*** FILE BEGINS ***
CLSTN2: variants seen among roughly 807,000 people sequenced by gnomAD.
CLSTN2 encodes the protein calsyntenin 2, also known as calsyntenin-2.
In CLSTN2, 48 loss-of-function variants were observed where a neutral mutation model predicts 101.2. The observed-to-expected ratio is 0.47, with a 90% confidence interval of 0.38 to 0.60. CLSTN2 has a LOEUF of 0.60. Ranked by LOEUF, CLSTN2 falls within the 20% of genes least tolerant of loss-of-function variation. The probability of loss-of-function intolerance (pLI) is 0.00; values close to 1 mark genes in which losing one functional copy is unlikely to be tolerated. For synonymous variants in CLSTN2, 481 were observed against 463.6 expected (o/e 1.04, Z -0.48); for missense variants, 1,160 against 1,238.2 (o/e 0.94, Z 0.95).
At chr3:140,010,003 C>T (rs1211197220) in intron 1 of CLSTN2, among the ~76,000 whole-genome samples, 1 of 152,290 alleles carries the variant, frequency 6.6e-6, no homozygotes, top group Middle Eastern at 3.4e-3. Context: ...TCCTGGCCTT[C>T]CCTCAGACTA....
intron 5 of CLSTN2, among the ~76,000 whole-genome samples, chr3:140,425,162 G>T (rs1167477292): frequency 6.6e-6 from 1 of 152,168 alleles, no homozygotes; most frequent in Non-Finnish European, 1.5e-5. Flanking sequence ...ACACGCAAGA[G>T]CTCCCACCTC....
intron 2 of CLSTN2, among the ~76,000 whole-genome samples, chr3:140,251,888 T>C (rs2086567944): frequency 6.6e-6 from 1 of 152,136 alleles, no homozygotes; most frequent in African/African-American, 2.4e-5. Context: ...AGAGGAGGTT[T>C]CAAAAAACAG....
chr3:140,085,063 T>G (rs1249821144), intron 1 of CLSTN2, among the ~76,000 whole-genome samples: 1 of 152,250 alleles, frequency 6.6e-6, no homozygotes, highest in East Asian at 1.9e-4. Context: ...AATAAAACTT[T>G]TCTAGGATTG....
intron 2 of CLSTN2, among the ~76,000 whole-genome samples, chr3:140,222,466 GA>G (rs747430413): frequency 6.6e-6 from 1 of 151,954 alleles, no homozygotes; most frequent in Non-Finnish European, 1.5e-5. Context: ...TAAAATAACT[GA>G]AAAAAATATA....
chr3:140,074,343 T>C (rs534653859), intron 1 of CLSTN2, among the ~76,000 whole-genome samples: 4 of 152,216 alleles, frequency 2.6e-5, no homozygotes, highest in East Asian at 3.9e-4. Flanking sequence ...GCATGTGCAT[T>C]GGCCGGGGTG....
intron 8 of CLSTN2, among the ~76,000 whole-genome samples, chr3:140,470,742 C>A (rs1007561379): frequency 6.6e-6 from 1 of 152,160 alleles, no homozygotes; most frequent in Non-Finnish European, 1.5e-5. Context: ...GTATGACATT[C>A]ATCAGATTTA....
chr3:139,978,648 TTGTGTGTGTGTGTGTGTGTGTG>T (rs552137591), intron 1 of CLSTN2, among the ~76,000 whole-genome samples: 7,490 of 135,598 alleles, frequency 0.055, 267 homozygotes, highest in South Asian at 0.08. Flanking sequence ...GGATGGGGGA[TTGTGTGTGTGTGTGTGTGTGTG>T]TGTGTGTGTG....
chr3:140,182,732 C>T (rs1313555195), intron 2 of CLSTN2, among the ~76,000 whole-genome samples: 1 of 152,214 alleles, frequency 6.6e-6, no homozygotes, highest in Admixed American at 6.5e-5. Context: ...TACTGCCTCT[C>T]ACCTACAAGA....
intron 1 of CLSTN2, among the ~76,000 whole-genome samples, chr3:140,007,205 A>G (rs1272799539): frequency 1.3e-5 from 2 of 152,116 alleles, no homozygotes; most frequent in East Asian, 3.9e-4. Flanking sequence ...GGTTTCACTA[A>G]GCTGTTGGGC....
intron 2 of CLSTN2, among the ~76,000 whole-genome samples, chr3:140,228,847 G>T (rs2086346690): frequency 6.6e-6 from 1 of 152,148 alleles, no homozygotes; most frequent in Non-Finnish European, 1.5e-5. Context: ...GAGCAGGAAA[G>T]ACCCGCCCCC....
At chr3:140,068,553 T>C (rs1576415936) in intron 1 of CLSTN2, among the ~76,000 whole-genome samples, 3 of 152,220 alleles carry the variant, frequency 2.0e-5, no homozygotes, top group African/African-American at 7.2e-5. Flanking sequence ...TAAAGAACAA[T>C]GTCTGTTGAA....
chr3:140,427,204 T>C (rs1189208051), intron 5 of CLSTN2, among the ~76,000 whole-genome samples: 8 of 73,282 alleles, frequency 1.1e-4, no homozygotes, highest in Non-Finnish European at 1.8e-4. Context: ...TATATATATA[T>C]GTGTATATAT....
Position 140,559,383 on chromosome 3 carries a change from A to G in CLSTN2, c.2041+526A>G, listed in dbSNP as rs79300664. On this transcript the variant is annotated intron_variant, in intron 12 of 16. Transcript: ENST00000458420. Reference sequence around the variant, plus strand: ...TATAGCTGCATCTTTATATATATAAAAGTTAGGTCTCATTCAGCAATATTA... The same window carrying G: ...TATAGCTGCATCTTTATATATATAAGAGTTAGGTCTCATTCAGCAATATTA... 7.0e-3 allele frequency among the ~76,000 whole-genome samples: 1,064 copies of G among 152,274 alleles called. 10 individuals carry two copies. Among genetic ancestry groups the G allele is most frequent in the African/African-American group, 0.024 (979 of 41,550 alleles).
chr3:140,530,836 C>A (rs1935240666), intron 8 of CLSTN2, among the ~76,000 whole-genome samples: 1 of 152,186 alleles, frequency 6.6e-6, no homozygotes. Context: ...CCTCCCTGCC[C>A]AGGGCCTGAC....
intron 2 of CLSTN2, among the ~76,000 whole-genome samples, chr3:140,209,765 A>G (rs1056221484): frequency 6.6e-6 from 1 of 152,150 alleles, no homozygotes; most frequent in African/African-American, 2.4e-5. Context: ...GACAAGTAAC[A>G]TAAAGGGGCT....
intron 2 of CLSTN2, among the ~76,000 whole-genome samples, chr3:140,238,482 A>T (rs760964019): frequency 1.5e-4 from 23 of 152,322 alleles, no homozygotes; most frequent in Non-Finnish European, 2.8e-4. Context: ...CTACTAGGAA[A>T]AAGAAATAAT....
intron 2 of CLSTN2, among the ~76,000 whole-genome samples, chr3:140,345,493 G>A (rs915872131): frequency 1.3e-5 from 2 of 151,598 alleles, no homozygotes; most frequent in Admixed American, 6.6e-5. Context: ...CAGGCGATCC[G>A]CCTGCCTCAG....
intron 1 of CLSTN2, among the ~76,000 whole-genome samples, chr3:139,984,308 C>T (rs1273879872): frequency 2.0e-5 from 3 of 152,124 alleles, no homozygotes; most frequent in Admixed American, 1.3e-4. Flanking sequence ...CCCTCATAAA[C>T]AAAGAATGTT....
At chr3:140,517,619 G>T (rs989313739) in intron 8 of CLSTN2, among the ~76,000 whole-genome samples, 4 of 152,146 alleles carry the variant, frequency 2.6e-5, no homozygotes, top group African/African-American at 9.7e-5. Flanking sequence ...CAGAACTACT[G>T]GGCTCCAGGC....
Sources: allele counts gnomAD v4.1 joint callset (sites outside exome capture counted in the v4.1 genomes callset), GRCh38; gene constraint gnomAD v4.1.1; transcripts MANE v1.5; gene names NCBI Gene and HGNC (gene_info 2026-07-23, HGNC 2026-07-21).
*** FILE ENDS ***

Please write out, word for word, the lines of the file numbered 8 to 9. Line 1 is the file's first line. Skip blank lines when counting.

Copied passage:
intron 2 of CLSTN2, among the ~76,000 whole-genome samples, chr3:140,222,466 GA>G (rs747430413): frequency 6.6e-6 from 1 of 151,954 alleles, no homozygotes; most frequent in Non-Finnish European, 1.5e-5. Context: ...TAAAATAACT[GA>G]AAAAAATATA....
chr3:140,074,343 T>C (rs534653859), intron 1 of CLSTN2, among the ~76,000 whole-genome samples: 4 of 152,216 alleles, frequency 2.6e-5, no homozygotes, highest in East Asian at 3.9e-4. Flanking sequence ...GCATGTGCAT[T>C]GGCCGGGGTG....